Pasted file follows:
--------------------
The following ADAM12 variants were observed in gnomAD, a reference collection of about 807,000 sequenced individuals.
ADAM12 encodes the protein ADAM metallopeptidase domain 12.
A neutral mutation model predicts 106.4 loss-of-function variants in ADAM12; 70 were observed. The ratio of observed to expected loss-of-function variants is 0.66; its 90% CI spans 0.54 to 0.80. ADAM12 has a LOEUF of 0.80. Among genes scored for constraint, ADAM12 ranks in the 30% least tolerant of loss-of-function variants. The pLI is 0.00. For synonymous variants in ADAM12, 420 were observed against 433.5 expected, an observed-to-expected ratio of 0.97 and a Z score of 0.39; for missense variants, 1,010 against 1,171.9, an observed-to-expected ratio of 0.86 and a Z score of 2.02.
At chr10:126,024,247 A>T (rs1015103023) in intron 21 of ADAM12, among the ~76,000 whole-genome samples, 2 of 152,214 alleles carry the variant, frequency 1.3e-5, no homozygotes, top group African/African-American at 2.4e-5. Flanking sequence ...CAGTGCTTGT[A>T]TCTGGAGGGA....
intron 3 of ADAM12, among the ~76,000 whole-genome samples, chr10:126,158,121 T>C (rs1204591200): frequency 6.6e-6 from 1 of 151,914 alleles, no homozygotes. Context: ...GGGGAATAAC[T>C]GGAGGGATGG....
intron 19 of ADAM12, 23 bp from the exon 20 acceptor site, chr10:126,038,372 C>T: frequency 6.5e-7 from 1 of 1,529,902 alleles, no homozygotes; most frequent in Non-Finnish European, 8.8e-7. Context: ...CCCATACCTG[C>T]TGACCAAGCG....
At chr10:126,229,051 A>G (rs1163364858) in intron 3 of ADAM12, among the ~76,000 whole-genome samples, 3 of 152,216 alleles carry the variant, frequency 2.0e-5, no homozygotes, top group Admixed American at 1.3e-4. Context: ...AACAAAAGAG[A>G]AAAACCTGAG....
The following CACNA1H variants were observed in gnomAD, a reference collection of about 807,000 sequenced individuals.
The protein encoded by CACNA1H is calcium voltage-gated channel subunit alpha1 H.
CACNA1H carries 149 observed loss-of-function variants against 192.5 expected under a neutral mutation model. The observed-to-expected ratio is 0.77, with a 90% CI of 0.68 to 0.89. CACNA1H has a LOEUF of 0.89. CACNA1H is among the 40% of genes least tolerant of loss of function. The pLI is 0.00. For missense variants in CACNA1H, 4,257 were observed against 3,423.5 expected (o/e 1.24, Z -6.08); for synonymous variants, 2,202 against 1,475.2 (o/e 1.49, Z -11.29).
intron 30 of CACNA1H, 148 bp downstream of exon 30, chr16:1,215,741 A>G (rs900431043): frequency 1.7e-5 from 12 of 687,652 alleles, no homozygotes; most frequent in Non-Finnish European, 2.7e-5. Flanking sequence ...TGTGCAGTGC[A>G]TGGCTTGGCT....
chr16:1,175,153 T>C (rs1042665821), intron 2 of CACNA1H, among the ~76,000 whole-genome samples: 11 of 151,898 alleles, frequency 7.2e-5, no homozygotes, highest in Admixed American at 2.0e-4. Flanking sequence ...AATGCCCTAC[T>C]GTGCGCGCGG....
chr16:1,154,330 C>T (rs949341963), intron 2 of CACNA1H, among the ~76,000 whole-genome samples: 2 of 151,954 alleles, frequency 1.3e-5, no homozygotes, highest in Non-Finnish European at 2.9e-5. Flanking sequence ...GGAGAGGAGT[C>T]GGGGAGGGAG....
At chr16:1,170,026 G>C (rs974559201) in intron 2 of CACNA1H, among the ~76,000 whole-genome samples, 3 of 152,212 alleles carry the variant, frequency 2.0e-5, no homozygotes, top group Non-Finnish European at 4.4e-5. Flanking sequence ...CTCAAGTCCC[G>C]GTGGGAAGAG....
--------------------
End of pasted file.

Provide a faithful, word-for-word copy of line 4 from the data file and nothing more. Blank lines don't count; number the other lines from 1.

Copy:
At chr10:126,024,247 A>T (rs1015103023) in intron 21 of ADAM12, among the ~76,000 whole-genome samples, 2 of 152,214 alleles carry the variant, frequency 1.3e-5, no homozygotes, top group African/African-American at 2.4e-5. Flanking sequence ...CAGTGCTTGT[A>T]TCTGGAGGGA....